How INGLOURIOUS BASTERDS Fits into Tarantino's Film Universe

Have you ever wondered why most characters in Quentin Tarantino's films have this amazingly heightened library of film knowledge and pop culture flowing out of their lips? It would be safe to assume that during one of his signature dialogue scenes, where everyone is throwing often obscure references around like confetti at a birthday party merely stems from Tarantino's own ability to do so manifesting itself in the characters he creates. Want a cooler/GENIUS explantation for this common gripe? Thanks to our friends at FirstShowing we have one.
Our own cohort Ben P. directs us to a Reddit user's detailed explanation of how the finale of Inglourious Basterds and that film's connection to Tarantino's movie universe is the cause for everyone's obsession with movies and violence:
(This is riddled with spoilers for Inglourious Basterds, Reservoir Dogs, Pulp Fiction, and True Romance so beware.)
As it turns out, Donny Donowitz, ‘The Bear Jew’, is the father of movie producer Lee Donowitz from True Romance – which means that, in Tarantino’s universe, everybody grew up learning about how a bunch of commando Jews machine gunned Hitler to death in a burning movie theater, as opposed to quietly killing himself in a bunker.
Because World War 2 ended in a movie theater, everybody lends greater significance to pop culture, hence why seemingly everybody has Abed-level knowledge of movies and TV. Likewise, because America won World War 2 in one concentrated act of hyperviolent slaughter, Americans as a whole are more desensitized to that sort of thing. Hence why Butch is unfazed by killing two people, Mr. White and Mr. Pink take a pragmatic approach to killing in their line of work, Esmerelda the cab driver is obsessed with death, etc.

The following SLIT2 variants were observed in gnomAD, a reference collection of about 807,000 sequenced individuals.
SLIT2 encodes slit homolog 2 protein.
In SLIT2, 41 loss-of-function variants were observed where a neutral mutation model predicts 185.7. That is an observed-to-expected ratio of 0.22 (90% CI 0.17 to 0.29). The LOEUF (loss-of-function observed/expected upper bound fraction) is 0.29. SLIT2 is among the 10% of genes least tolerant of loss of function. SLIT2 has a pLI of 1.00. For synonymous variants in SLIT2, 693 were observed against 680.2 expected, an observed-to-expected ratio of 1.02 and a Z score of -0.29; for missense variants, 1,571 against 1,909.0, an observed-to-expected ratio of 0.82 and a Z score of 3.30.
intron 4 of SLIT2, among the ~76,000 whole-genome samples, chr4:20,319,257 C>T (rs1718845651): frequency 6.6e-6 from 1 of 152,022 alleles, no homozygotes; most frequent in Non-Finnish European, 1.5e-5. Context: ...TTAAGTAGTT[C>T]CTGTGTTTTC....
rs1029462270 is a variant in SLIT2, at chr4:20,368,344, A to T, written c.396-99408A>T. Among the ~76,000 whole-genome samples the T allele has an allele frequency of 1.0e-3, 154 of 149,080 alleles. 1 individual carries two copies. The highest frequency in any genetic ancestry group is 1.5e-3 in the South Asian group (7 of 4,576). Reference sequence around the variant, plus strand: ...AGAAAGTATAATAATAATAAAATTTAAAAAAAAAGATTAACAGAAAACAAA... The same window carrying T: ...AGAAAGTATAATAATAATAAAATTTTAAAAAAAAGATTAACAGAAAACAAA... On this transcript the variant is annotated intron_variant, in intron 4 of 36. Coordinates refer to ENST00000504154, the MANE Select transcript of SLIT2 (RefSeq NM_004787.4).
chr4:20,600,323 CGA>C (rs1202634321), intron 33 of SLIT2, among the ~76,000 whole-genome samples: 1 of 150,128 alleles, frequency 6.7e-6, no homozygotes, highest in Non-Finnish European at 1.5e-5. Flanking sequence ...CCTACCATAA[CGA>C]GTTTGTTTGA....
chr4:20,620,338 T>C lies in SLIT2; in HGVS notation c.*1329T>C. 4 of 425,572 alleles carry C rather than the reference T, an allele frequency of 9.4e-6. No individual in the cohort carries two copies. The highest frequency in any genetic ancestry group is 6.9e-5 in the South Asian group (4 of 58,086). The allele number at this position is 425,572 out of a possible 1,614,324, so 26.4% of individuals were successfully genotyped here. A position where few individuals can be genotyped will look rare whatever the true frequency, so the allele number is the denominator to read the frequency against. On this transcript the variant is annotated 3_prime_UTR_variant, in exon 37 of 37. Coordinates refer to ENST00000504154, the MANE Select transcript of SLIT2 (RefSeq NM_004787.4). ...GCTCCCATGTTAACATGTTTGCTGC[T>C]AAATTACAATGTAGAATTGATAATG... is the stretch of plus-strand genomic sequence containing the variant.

You can extrapolate this further when you realize that Tarantino’s movies are technically two universes – he’s gone on record as saying that Kill Bill and From Dusk ‘Til Dawn take place in a ‘movie movie universe’; that is, they’re movies that characters from the Pulp Fiction, Reservoir Dogs, True Romance, and Death Proof universe would go to see in theaters. (Kill Bill, after all, is basically Fox Force Five, right on down to Mia Wallace playing the title role.)
What immediately springs to mind about Kill Bill and From Dusk ‘Til Dawn? That they’re crazy violent, even by Tarantino standards. These are the movies produced in a world where America’s crowning victory was locking a bunch of people in a movie theater and blowing it to bits – and keep in mind, Lee Donowitz, son of one of the people on the suicide mission to kill Hitler, is a very successful movie producer.
Basically, it turns every Tarantino movie into alternate reality sci fi. I love it so hard.
I love that last sentence. It's actually how I plan to propose to my future wife. A similar explanation was given last year by Cracked. That article also offers up other family relations and other connections in Tarantino's film universes. For an explanation of Tarantino's different film universes and what characters can cross between them click here. The question now is, where does Django Unchained fit into all this?
What do you think of this explanation? Do you have any other theories or thoughts?